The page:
Best Villain: Inertia

That's back-to-back wins for Thaddeus Thawne, and a complete sweep for the Mercury Falling storyline. Yeah, Sins of Youth was a lot of fun, and Klarion ... bum, bum, BUM ... the Witch Boy was a delight. But Inertia provided the most menace and the most meaning in his schemes. He took over Bart's life for several weeks, almost perfectly mimicking him. He executed his plan perfectly, and even when Bart caught up to him at the end, Thad still had the opportunity to kill Bart and Max. But he couldn't bring himself to do it. He had experienced the joys of being loved and respected. And he bitterly realized that the hateful life he had been forced into was based on lies. For this tragic and sympathetic aspect, Inertia not only is the best Impulse villain of 2000, he's the best Impulse villain of all time.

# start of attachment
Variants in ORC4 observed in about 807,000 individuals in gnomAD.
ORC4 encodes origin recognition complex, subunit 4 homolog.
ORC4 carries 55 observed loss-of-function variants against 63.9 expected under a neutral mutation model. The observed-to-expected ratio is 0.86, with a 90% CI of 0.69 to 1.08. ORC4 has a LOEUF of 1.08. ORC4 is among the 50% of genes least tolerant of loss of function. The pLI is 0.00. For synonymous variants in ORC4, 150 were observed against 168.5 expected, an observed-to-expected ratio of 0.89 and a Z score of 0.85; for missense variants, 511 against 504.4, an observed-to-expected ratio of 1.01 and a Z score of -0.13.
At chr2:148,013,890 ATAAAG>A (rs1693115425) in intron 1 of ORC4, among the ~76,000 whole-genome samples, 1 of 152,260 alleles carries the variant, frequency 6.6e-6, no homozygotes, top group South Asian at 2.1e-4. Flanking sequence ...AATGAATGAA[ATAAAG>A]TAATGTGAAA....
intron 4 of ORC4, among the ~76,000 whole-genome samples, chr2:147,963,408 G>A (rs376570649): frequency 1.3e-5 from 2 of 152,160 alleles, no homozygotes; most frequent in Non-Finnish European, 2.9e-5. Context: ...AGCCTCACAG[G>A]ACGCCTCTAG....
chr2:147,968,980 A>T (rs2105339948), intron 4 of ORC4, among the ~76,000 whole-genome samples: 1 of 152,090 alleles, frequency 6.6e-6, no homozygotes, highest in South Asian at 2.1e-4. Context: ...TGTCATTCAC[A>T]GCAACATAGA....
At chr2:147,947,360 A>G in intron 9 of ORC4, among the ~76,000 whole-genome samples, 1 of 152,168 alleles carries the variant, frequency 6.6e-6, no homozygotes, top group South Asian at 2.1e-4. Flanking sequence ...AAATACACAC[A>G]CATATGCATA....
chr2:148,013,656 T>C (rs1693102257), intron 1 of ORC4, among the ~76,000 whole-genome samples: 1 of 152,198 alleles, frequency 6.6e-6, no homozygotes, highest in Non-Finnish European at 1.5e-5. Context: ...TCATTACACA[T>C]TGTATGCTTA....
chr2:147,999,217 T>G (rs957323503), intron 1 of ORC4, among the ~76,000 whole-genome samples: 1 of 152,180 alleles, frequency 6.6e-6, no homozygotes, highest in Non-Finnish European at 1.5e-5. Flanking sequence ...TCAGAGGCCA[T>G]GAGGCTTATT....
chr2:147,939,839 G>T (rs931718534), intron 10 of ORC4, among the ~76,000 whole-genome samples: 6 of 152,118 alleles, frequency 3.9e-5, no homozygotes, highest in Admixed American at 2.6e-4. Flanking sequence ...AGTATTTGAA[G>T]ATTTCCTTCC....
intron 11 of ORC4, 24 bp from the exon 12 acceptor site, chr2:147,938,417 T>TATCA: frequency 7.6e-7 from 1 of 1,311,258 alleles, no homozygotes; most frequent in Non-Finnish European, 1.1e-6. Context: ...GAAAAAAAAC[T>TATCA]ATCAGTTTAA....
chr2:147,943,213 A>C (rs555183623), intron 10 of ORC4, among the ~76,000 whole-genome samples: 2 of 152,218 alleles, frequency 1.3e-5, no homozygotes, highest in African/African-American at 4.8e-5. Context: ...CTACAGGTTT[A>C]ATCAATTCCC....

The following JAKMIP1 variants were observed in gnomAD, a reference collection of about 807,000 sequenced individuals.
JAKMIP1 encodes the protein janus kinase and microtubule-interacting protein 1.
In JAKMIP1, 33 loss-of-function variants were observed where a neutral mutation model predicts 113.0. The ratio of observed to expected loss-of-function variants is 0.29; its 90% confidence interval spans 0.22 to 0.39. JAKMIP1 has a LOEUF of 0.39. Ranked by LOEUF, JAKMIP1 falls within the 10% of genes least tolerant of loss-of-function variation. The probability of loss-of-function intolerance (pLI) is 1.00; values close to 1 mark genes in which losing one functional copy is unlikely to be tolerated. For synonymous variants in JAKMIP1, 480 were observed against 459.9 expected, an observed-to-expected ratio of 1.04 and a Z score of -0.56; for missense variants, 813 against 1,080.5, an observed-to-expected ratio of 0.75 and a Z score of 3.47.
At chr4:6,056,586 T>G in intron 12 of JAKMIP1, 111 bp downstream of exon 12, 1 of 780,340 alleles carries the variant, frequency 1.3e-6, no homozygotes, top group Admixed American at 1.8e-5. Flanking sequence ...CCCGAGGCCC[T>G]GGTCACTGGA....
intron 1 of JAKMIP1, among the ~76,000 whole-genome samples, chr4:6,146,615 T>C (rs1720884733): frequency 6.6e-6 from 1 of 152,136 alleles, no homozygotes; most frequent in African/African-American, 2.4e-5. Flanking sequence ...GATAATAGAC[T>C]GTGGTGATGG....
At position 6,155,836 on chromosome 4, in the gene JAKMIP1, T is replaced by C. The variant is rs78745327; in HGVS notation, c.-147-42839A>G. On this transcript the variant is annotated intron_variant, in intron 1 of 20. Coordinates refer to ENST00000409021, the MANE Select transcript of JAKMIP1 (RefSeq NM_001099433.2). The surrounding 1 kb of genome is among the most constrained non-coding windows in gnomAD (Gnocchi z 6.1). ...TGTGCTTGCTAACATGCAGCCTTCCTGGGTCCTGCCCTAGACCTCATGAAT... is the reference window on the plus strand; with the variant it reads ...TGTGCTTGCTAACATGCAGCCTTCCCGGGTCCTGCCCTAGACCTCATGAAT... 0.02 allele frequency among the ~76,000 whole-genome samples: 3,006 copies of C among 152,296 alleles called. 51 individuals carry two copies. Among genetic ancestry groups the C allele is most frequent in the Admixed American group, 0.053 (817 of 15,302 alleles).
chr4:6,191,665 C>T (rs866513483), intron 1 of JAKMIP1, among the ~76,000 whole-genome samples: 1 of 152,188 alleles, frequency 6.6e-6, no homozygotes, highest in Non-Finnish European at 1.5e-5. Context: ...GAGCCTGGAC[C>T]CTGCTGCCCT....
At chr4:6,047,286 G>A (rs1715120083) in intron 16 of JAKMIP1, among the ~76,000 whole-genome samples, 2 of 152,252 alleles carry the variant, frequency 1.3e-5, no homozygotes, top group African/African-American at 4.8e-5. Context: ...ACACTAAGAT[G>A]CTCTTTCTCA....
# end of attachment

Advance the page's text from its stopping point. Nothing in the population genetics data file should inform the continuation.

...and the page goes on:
Well, 2001 is going to have its work cut out trying to match 2000. But we'll still have a lot of fun with it. Carlo Barberi will soon take over the series, delivering an art style that somehow pays homage to Humberto Ramos, Craig Rousseau and Ethan Van Sciver. David and Nauck will continue their amazing run on Young Justice, sending the expanded team on even more fun adventures in space. Impulse sadly, won't spend much time with the Flash, but he will make plenty of cameos throughout the DCU, and he will also join in the massive event of the year, Our Worlds at War. It all begins with one of those quick cameos in the very wacky World's Funnest Elseworlds tale.